Is a house with a concrete slab floor susceptible to Termite attack?
Answer: Most definately yes.
Buildings with a concrete ‘slab on ground construction’ or ‘infill’ slab sections (like bathrooms and laundries) can be more prone to undetected termite entry than a building with a suspended timber floor. The is due to a lack of access under the building to detect the movement of termites into the structure as well as the clever ways that termites move between building elements and remain undetected.
Most modern project homes are constructed using a ‘monolithic’ concrete slab on ground. The concrete floor slab is designed to be impenetrable to termites, however termites can gain access through service penetrations in the floor, through joins or ‘cold joints’ in the slab, or over the edge of the concrete slab externally. Service penetrations, joins and slab edges should be protected with a termite protection however landscaping around the base of the building can ‘bridge’ this termite protection system, allowing access into the wall frames.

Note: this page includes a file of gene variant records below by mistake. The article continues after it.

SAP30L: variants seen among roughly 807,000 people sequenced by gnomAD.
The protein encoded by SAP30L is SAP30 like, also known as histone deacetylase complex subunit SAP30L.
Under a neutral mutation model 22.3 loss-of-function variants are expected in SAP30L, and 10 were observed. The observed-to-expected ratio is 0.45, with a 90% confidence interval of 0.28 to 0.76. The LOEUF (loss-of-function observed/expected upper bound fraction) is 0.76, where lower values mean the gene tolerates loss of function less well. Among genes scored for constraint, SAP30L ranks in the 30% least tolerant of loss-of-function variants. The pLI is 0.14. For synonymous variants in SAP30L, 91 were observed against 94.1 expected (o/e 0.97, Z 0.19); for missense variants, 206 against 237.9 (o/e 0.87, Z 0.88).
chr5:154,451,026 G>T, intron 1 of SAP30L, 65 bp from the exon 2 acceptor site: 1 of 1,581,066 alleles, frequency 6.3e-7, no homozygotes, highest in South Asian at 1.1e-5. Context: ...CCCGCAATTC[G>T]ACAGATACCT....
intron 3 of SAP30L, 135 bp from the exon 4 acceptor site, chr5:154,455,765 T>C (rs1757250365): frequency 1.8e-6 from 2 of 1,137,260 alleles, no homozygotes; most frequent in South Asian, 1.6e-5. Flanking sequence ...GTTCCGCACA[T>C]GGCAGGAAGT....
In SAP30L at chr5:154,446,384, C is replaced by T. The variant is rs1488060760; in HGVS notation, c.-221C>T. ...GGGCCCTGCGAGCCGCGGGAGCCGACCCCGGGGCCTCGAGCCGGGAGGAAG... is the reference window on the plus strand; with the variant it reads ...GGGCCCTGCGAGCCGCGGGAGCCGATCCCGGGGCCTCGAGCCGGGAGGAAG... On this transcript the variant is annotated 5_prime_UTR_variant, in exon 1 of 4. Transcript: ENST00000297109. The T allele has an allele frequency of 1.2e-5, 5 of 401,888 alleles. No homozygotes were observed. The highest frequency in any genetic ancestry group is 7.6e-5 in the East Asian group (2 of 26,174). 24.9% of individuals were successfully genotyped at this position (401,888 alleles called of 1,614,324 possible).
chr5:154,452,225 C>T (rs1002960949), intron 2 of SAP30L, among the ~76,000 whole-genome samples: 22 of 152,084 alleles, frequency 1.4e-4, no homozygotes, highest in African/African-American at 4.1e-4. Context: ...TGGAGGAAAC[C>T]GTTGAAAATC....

This is why the Timber Pest Report will recommend that the external ground levels around the base of the building should be at least 75-150mm below the slab edges, especially where weep holes are installed. This is also a warranty condition for most termite protection systems. (Check the electrical meter box for a “Termite Protection Notice” or talk to your pest control firm to better understand your obligations with regard to the termite protection system.)
An ‘infill’ concrete slab is also a common entry point for termites. Infill slabs are installed between the external walls and do not have an external slab edge visible. Termites can enter the building between the wall and slab. Infill slabs are typically found below bathrooms and laundries, verandahs, extensions and the like. If you are unsure about the type of concrete slabs you have we recommend talking to a licensed builder.
More regular and thorough termite inspections are recommended where a house has a concrete slab on ground and in particular where the slab edges are not visible, either due to landscaping or construction methods.
Always refer to the inspection and treatment recommendations in your Timber Pest Report.